The vineyards in Champagne are the most expensive in France.
It is not often we read about the local prices of land in the paper. But rumours of course travel on fast wings as well. So we hear a little bit here, a little bit there... in the cooperative, from the neighbours, a collegue, at the aquagym... They turn out to be exaggerated - that seems the second nature of rumours - but only slightly.
The average price for a hectare of vineyards in Champagne is 578.000 euros. So we are actually papermillionaires in both Danish crowns and French francs. Even the wealth is rather theoretical, since the vineyards are also a condition of our income.
The numbers cover big, regional differences:
- Côte des Blancs: 800.000 euros
- Grande Montagne: 680.000 euros
- Vallée de la Marne: 680.000 euros
- Côte d'Épernay: 550.000 euros (+25% in 2005)
- Vitry-le-Francois: 550.000 euros (+16% in 2005)
- l'Aube: 480.000 euros
- Vallée de la Vesle: 475.000 euros (+15% in 2005)
- l'Aisne: 400.000 euros
- Vallée de l'Ardre: 350.000 euros (+17% in 2005)
According to the local newspaper, l'Union, the most expensive land, sold in the Côte des Blancs last year reached 950.000 euros per hectare, which comes close to that million per hectare, we already heard about at the coop last year.
One of the landmarks of the Côte des Blancs: The little summerhouse at Cramant.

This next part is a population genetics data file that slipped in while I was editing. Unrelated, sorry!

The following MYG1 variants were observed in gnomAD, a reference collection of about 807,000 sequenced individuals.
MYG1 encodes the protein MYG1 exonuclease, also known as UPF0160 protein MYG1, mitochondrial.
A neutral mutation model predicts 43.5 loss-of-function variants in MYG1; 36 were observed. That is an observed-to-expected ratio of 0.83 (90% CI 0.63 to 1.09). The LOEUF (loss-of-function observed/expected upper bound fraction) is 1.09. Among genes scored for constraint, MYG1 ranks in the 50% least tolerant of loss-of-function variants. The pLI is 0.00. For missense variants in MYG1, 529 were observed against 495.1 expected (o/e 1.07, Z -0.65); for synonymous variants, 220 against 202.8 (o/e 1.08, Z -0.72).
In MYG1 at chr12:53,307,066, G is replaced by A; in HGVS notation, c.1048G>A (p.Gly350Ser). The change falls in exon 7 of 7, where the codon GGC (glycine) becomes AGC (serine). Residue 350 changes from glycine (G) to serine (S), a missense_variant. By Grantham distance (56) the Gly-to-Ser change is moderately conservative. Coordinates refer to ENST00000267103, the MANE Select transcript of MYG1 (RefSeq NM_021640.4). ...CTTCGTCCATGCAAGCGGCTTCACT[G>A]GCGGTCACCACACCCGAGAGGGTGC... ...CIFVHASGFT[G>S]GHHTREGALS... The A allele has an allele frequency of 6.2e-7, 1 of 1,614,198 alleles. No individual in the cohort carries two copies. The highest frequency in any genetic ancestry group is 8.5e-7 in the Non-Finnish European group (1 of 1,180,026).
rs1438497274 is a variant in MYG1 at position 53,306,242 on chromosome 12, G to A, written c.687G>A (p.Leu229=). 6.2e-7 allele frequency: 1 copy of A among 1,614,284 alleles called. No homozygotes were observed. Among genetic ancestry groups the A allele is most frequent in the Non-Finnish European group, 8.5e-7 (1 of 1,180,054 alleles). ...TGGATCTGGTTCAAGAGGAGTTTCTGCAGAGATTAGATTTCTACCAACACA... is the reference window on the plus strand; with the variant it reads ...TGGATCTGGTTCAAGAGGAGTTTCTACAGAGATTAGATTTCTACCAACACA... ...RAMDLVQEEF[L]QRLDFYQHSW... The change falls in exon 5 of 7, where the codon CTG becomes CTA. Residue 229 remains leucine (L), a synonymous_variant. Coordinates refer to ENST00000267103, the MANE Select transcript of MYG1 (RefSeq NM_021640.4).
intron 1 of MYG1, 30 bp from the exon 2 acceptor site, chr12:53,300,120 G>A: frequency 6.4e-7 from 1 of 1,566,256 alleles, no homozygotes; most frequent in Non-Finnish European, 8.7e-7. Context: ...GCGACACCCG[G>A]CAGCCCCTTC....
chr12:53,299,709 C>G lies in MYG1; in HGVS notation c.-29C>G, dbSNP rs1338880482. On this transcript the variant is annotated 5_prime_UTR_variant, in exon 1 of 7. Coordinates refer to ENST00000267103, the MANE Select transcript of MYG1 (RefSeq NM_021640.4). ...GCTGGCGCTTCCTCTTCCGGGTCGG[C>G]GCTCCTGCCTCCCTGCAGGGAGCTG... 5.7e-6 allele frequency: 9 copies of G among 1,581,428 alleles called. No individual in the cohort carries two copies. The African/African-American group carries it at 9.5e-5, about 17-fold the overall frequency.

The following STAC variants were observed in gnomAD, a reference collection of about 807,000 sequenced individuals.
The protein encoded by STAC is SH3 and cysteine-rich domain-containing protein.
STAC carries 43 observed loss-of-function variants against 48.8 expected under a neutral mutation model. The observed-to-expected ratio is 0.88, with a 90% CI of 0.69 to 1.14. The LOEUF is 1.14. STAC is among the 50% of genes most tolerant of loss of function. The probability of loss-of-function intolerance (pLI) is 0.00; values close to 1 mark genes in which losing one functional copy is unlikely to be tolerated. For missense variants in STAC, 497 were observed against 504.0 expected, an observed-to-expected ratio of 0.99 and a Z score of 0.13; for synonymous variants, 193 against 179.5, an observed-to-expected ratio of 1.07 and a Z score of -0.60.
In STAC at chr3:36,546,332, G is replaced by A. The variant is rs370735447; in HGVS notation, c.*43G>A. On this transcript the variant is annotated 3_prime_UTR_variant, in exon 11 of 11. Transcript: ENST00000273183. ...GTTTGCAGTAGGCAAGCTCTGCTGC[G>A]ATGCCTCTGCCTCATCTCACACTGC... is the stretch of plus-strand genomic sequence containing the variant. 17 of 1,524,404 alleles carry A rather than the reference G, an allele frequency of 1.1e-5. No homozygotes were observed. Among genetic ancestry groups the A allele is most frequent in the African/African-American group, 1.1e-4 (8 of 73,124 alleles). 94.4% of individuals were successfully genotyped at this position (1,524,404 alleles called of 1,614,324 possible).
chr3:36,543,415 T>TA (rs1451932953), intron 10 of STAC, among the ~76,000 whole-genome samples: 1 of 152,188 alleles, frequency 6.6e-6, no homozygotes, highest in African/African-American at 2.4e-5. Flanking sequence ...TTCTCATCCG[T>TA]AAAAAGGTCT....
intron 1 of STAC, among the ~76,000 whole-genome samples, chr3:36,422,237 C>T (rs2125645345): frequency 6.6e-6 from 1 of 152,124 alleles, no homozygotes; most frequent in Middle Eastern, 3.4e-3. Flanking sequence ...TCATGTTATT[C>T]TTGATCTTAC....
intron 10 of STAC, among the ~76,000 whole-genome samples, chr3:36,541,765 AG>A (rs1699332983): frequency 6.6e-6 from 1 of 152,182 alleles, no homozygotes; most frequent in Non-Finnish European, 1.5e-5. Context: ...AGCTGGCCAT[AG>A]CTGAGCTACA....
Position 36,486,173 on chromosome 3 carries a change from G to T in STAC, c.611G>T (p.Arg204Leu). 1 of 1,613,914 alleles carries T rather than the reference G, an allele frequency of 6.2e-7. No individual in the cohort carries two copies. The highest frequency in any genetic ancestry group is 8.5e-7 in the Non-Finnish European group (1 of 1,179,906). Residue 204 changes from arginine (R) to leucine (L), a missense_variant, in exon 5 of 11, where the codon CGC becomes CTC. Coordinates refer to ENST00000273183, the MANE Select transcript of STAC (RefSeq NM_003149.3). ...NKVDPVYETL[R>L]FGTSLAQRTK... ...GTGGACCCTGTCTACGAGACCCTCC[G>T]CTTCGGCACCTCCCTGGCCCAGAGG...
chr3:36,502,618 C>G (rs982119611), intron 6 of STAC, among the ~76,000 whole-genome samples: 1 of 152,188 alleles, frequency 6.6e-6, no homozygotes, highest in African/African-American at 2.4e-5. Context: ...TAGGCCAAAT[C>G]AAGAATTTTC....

It is only the prices of the approximately 32.000 hectares of vignobles of Champagne that actually reaches the skies. As for the rest, the average price of a hectare with its 5.510 euros is far from the top of France, which is the department of Var in Southern France with its 25.350 euros per hectare. Elderly people from all over Europe still move to Southern France on a big scale to enjoy a retirement on the sunny side. And the prices rice accordingly.
This trend does not really exist in Champagne, known as one of the coolest regions of France. The cold weather - even it is not that cold to a Dane - is one of the secrets behind the great wine. Many of the foreigners, I meet here, are either married into local families like me, or live here due to their jobs.
Noone however can just buy some vineyards and create a career as a winegrower in France. The authorities demand papers, exams and so on. For this purpose I would on top of my recent pruning-certificate need at least to pass the equivalent of the subjects related to the wine of a French baccalauréat viticole.
In fact you also cannot just buy farmland... a whole range of different authorities must be contacted, and you need their permission, whether you are French or foreign. If and when they - that is foreigners or non-qualified French - still are able to buy land, it will normally be due to a necessary combination with a farm manager who has the qualifications it takes.
Another landmark: The mill of Mumm outside Verzenay in the Montagne de Reims.
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